Pakotai, Parakao and Titoki are marae and farm settlements on the inland road between Whangarei and Kaikohe, and that is where Mere was born in 1922. We do not have the names of her parents, and she was brought up by grandparents, but she grew with Te Reo Mu0101ori, apparently not discouraged from speaking it, and identified as from the Ngapuhi iwi.

It is still isolated farmland along a stream with forest a step back from the farms. It must have been very isolated in Mereu2019s day with a small and familiar primary school. For high school? Perhaps lengthy school bus trips every day, but Mere did receive an education. During the 1920s and 1930s Sir Apirana Ngata was encouraging and enabling Northland Mu0101ori communities into dairying and improved agriculture. This must have helped Mereu2019s people too, and most marae had a church.

As a mature adult Mere described herself as led by God from the simplicity of very rural life in the Pa. She was converted at the age of twenty, and right from the beginning felt a call to serve her people.

Mere served for some time as a Christian worker with a non-denominational United Mu0101ori Mission hostel in Auckland, guiding and encouraging young women who moved to the city to study or work.

Mere much later moved to Hastings where her Christian work focused on Sunday School and on visiting homes. Mere had already done effective ministry in the district for several years, when Baptists in Hastings officially recognised her ability and her heart that Mu0101ori people get to know Jesus. In 1967 they appointed her a deaconess in the Hastings Baptist Church.

In Hastings, Induction of Mere Pou as Mu0101ori Deaconess, with Rev GT McCann, Rev Roy Bullen, Rev Des Jones (Field Superintendent, Mu0101ori Department)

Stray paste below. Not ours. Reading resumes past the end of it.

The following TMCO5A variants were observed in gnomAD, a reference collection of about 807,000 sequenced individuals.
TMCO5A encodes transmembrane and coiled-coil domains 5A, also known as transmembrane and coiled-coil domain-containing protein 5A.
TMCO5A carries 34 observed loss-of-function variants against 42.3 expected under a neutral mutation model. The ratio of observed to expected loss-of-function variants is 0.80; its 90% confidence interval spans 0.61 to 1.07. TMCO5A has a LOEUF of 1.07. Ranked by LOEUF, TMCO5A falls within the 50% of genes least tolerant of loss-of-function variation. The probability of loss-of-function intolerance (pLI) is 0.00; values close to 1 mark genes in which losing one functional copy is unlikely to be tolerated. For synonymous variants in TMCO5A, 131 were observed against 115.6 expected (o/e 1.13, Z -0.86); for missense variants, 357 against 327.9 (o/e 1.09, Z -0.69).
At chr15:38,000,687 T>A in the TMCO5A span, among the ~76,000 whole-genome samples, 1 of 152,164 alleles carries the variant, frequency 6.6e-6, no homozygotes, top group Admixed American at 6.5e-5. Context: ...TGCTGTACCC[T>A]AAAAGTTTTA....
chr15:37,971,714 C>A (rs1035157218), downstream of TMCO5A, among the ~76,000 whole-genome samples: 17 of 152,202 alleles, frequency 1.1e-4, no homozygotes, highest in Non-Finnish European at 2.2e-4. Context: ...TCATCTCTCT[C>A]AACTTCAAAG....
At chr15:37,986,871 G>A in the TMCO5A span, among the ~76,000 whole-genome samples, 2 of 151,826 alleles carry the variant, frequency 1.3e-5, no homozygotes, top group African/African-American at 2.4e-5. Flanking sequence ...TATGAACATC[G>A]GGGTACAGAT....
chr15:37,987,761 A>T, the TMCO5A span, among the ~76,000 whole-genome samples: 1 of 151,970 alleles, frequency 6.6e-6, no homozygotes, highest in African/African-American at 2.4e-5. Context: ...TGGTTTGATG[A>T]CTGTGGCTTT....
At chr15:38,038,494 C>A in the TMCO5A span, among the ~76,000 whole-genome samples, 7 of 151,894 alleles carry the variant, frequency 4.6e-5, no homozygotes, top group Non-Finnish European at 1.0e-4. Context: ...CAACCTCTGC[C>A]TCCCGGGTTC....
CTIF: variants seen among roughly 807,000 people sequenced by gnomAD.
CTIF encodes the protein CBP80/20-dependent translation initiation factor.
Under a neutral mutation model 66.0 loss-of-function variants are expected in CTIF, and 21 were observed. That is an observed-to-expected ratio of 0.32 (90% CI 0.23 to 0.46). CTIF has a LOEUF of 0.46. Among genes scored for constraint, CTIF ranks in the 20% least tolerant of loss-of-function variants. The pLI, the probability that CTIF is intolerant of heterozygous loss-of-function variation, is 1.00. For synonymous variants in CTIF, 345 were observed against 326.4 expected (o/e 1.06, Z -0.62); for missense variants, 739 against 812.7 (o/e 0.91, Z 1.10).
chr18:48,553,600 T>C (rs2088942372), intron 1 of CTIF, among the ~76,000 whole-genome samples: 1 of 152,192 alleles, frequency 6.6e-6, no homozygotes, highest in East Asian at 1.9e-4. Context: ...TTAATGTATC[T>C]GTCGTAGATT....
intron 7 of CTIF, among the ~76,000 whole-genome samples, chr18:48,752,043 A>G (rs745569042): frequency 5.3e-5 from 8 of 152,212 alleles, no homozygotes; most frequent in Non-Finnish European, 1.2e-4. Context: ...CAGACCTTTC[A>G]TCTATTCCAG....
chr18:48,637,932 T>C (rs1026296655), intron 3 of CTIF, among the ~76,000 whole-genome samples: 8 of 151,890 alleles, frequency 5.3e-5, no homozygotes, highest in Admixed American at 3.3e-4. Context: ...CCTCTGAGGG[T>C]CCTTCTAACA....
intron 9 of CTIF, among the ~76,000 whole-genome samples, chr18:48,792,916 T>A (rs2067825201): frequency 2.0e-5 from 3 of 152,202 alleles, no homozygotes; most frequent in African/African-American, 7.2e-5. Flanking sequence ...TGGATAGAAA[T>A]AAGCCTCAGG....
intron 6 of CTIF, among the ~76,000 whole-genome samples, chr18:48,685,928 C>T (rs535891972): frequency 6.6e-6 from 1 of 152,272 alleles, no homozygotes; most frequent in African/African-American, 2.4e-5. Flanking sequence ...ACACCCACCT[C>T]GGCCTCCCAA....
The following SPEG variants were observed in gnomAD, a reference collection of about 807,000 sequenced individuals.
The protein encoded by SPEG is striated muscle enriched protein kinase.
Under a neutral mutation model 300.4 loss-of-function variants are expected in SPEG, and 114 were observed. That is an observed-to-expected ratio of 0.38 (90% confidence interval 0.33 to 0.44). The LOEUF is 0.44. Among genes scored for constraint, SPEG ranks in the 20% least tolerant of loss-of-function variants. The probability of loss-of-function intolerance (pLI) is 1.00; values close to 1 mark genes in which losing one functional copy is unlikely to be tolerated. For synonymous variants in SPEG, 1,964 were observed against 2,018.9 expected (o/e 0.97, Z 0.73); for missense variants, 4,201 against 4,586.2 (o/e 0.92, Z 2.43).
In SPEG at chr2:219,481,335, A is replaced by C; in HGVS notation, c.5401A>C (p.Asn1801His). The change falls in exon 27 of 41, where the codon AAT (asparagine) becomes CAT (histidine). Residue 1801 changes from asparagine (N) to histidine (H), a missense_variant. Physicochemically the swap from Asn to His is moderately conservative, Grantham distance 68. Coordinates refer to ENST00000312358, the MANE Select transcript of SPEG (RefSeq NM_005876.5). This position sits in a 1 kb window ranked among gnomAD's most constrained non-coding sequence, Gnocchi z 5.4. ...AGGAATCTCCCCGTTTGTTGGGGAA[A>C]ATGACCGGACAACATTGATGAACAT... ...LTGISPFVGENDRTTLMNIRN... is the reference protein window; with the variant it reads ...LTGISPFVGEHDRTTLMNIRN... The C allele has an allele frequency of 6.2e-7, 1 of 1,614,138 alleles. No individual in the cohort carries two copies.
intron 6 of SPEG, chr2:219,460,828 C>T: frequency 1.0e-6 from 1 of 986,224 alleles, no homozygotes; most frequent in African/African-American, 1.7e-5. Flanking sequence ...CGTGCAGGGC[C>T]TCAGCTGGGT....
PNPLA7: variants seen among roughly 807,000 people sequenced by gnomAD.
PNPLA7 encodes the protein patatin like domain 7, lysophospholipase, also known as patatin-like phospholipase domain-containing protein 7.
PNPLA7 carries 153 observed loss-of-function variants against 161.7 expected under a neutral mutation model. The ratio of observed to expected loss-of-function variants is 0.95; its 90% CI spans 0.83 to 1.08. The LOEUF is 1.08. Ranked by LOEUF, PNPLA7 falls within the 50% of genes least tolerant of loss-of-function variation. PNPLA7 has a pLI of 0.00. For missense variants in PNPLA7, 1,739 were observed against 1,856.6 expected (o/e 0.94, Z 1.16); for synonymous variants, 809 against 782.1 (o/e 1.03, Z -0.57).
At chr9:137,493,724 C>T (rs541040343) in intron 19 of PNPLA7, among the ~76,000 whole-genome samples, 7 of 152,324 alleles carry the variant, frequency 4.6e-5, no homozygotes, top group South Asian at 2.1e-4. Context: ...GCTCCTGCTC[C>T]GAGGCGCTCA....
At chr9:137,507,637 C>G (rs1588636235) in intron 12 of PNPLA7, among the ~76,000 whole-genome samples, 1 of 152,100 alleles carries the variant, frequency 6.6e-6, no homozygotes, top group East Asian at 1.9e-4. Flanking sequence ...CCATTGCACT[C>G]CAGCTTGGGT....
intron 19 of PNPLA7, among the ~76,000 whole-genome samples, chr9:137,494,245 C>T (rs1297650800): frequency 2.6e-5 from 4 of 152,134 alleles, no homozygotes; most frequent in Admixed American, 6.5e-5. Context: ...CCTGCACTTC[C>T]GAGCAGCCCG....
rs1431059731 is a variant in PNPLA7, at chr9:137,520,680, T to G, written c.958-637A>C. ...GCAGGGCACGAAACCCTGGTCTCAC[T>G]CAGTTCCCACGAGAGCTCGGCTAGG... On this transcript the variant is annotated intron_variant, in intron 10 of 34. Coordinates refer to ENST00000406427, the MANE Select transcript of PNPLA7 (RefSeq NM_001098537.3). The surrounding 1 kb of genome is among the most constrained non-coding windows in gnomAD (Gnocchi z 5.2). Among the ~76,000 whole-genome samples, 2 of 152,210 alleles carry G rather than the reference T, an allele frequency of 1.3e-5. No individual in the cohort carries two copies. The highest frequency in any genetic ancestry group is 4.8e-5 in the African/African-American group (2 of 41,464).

This was an historic move since she was the first Mu0101ori appointed for full-time Mu0101ori ministry within the Baptist church. She was supported in this by both the local church and by Te Runanga, the Baptist Mu0101ori Board at that time.

At her commissioning Mere said, u2018I am not ashamed of the Gospel of Christ,u2019 and spoke in Te Reo Mu0101ori to her own people. A large group of Mu0101ori were present, for it was seen as a big occasion for Mu0101ori when she was appointed. The Baptist reporter wrote of it, u2018All were moved at her deep sincerity and the charm of Christ evident in her personality.u2019 A special feature of the service was the beautiful singing from trios of junior and senior Mu0101ori Bible Class members.

Mere had much to offer. She was gifted in one-to-one Bible studies and used this as part of effectively nurturing young Christians. People found she had a straight approach and they knew where they were with her, and what she was teaching.

Another feature, popular with so many, was her hospitality. She was an evangelist at heart and supported any she could as disciples with her hands-on ministry. She welcomed people ever so warmly to her home, and they loved her sense of humour and her enthusiastic following of rugby and cricket.

There were eight years working for God in Hastings and the work flourished and soon needed a van. The long-wheel base Ford minibus could take 30 children.

The Bible classes grewu2014Monday evenings for all and Sunday afternoon for girls. Here is an excerpt about Mereu2019s Bible Class.

It was Monday evening outside the Youth Hall and the boys were snatching a minute or two of marbles before Bible Class. Once inside everything was right on the target. Miss Pou led the singing with choruses and hymns and the groups went off to their classes.

The evenings consist of Bible study. There are no tricks, no gimmicks, no games (except at the special social), no fish and chips, just the study of the Bible and Christian doctrine. And the young people come, week after week, eager to hear the Word of God. Everything is right on the target.

u2018Is this funs or keeps?u2019


u2018When you play marbles itu2019s for real. Bible Class is not funs either. Itu2019s for keeps. Itu2019s for eternity.u2019

A report of a July 1973 camp told that many people gave unstinting help at the Camp which had as missioners, Mr and Mrs Charlie Joe; and Camp Mother, Sister Mere Pou. This was an occasion for rejoicing with eight definite decisions made to follow Christ.